To try and compensate him for his trouble I bought him a beer at the bar and awaited the verdict regarding the euro champs. The news came through by the end of the afternoon that I had done enough and I would be going to France. What relief, what joy. At last, I was going to achieve my lifetime ambition. Every cloud did in fact have a silver lining. Being blind was the only reason that I had achieved this.

Look out for the story of what happened at my first championships which should appear here over the next couple of weeks.

Finding my way into blind sport – part 1

I was always a keen sportsmen – actually, that’s a lie; sport was the most important thing in my life. I would have given anything to be a professional sportsman. Little did I know…?

I played football for the county, for school and a Sunday league team, rugby for the county and school, cricket for school, and ran for the county and City of Hull AC. However, I thought my sporting career was over when I finally lost all my sight aged 21.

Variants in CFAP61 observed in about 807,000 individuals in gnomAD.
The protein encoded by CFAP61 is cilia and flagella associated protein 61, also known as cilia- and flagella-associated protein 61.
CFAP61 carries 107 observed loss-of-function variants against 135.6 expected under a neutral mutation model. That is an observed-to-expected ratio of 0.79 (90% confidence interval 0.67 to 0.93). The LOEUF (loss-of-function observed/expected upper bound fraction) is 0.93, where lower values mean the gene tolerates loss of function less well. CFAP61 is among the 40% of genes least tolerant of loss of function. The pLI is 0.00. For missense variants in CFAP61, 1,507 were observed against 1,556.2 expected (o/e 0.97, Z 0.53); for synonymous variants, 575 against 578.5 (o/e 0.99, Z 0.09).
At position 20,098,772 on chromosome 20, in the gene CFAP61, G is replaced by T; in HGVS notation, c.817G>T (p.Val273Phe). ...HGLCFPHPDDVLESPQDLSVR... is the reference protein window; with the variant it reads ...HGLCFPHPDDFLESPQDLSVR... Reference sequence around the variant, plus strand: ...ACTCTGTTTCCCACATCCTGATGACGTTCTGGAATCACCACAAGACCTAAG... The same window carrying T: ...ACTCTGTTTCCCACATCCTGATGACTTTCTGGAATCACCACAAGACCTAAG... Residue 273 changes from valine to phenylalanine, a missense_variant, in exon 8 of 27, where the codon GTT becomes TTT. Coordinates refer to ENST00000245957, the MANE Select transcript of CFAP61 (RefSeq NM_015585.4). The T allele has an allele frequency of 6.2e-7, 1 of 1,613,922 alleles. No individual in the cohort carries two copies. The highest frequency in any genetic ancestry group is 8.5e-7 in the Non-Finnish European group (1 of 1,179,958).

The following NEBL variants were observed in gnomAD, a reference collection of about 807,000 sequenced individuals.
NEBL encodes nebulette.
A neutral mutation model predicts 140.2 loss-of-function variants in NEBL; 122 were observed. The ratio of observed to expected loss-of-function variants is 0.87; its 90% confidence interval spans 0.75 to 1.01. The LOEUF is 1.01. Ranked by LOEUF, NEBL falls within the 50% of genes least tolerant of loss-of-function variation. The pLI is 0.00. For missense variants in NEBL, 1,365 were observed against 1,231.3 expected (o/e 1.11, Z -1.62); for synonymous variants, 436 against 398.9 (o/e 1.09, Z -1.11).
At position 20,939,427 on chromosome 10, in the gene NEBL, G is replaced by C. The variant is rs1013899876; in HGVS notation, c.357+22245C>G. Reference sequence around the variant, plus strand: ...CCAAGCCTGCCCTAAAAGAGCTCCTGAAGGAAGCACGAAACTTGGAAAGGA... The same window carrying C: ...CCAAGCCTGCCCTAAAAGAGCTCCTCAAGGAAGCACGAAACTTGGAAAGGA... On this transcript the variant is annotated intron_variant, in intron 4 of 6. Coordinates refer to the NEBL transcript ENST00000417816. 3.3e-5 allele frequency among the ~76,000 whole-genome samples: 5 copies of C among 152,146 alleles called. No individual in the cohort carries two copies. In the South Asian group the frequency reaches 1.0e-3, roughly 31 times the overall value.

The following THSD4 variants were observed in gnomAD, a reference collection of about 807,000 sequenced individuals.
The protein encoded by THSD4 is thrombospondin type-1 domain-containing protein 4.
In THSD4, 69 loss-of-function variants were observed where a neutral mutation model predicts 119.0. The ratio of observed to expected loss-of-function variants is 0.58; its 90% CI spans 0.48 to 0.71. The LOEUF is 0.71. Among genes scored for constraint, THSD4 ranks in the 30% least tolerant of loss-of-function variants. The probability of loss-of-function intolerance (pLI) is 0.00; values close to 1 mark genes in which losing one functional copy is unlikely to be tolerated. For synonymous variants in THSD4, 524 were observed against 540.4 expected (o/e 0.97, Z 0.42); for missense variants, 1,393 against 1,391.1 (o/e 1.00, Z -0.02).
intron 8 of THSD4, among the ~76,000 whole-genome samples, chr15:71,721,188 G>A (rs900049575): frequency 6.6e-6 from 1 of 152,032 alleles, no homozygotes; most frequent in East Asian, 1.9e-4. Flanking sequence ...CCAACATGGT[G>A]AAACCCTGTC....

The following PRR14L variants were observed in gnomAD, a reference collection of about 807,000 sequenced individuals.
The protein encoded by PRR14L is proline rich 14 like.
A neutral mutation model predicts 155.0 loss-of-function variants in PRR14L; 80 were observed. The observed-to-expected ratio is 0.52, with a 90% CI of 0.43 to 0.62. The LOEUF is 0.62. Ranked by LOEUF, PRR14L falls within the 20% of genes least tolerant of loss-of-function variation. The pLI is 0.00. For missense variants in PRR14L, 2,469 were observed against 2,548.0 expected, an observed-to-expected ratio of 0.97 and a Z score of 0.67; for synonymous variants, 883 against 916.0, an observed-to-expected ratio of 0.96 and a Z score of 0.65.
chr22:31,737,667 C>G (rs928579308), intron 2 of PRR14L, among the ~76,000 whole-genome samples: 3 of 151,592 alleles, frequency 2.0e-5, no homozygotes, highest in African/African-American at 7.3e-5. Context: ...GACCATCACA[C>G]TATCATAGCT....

The real impact on my sporting career started when I was 20. The first casualty was my blossoming career as a 400m hurdler. During the athletics season, at a meeting at North or South Shields, it was one or the other, the City of Hull senior men’s team was short of numbers and needed volunteers for the majority of the field events, the 400m hurdles and the 3,000m steeplechase. As I would have struggled to run 3,000m never mind jump over barriers and a water jump, and I didn’t want to volunteer for any throwing events (after a disasterous javelin incident at Sheffield earlier that year – I’ll probably blog about that some time), I volunteered for the 400m hurdles. The biggest problem I had was getting over the hurdles as they were much higher than I had thought. To say I hurdled them with difficulty was not true: I actually jumped over them with difficulty. I was drawn in lane 1, which meant that all my competitors were on my blind side. I was so focused on the hurdles that I didn’t pay much attention to anyone else but as I approached the half way point I glanced across to my right-hand side and as I couldn’t see anyone I realised that I was in the lead, which certainly concentrates the mind. Having successfully negotiated the remaining obstacles, I won the race by a large margin. Whilst the time of 61 seconds was not outstanding, this did however provide me and my coach, BS, with enough encouragement for me to start to train seriously for the event.